Gem News International Gems & Gemology, Summer 2016, Vol. 52, No. 2

Robotic Colored Stone Cutting Machines


Checking a cassette of stones.
Figure 1. Kiwon Jang checks a cassette of stones during the Jang 1024’s robotic cutting process. Photo by Tao Hsu.

At the technology pavilion of the AGTA show, master cutter Kiwon Jang of KLM Technology (New Brunswick, New Jersey) demonstrated the Jang 1024, a robotic system for cutting colored stones (figure 1).

KLM provides cutting services to the gem trade. Mr. Jang began his career working with cubic zirconia in his native Korea. Since moving to the United States 30 years ago, he has developed multiple systems for automatic gem cutting, with 10 systems in KLM’s New Jersey factory. The company also sells the machine to overseas clients and provides on-site training for the systems. G&G previously reported on one of his compact machines (Fall 2012 GNI, p. 233).

The Jang 1024 is his most recent product. The machine’s process is controlled by a computer installed with designing and cutting software written by Mr. Jang. The water-cooled system (figure 2) is designed for mass production; depending on stone size, it can handle up to 56 melee at a time (figure 3). The machine can produce a round brilliant cut from 1 to 30 mm, while the largest size for emerald cuts is 25 mm. According to Mr. Jang, the maximum tolerance the machine can accommodate is 0.05 mm. The daily capacity of this machine is 2,000–4,000 melee between 1.0 and 3.0 mm, 400–800 stones between 3.5 and 10.0 mm, or 100–200 stones larger than 10.0 mm. Aside from periodically checking the stones, the entire process from preforming to polishing is done by the computer. Mr. Jang informed us that the majority of his clients are miners and cutting factories in Brazil and Russia, along with many African countries. Most of his customers in the United States are domestic dealers seeking fast local service.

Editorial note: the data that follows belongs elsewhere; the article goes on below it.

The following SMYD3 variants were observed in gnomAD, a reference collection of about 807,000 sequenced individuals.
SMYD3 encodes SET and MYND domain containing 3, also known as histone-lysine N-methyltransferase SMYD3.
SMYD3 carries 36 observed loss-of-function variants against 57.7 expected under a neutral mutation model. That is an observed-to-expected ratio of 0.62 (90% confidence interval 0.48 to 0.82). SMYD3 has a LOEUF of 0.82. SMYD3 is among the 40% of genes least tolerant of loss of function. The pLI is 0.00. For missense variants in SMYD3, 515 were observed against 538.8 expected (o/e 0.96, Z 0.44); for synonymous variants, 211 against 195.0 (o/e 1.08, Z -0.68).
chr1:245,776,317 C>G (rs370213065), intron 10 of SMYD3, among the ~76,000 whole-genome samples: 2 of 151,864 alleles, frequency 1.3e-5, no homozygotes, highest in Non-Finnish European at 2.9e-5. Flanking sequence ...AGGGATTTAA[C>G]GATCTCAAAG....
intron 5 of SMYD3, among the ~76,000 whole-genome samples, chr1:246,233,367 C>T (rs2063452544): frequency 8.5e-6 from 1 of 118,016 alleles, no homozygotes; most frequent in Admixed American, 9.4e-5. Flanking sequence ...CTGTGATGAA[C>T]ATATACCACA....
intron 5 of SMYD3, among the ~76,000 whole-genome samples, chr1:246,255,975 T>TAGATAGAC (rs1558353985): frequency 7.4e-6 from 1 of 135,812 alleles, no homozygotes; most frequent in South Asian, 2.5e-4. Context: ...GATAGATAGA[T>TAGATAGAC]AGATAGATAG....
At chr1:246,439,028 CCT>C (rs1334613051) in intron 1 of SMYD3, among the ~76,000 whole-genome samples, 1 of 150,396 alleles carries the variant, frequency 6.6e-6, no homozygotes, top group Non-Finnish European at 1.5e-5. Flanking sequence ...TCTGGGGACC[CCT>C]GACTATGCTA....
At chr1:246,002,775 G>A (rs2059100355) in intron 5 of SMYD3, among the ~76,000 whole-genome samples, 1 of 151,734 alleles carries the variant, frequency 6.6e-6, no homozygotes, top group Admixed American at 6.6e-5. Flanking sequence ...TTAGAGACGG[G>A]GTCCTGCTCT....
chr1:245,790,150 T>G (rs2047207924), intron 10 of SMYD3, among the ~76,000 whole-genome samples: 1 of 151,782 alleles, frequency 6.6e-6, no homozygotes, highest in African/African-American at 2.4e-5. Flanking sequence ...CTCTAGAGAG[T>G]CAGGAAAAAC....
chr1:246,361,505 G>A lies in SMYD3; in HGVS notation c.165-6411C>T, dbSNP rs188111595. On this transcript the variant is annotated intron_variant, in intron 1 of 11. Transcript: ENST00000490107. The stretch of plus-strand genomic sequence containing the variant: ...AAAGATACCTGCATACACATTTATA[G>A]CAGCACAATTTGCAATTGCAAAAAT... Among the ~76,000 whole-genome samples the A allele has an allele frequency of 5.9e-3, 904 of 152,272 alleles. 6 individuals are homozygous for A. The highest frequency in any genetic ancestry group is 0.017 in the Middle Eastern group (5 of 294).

Water is the machine’s cooling agent.
Figure 2. A cassette of stones is cut using water as a cooling agent. Photo by Tao Hsu.
Cassette holding larger stones.
Figure 3. A cassette of stones is cut using water as a cooling agent. Photo by Tao Hsu.

Tao Hsu is technical editor of Gems & Gemology, and Andrew Lucas is manager of field gemology education, at GIA in Carlsbad, California.

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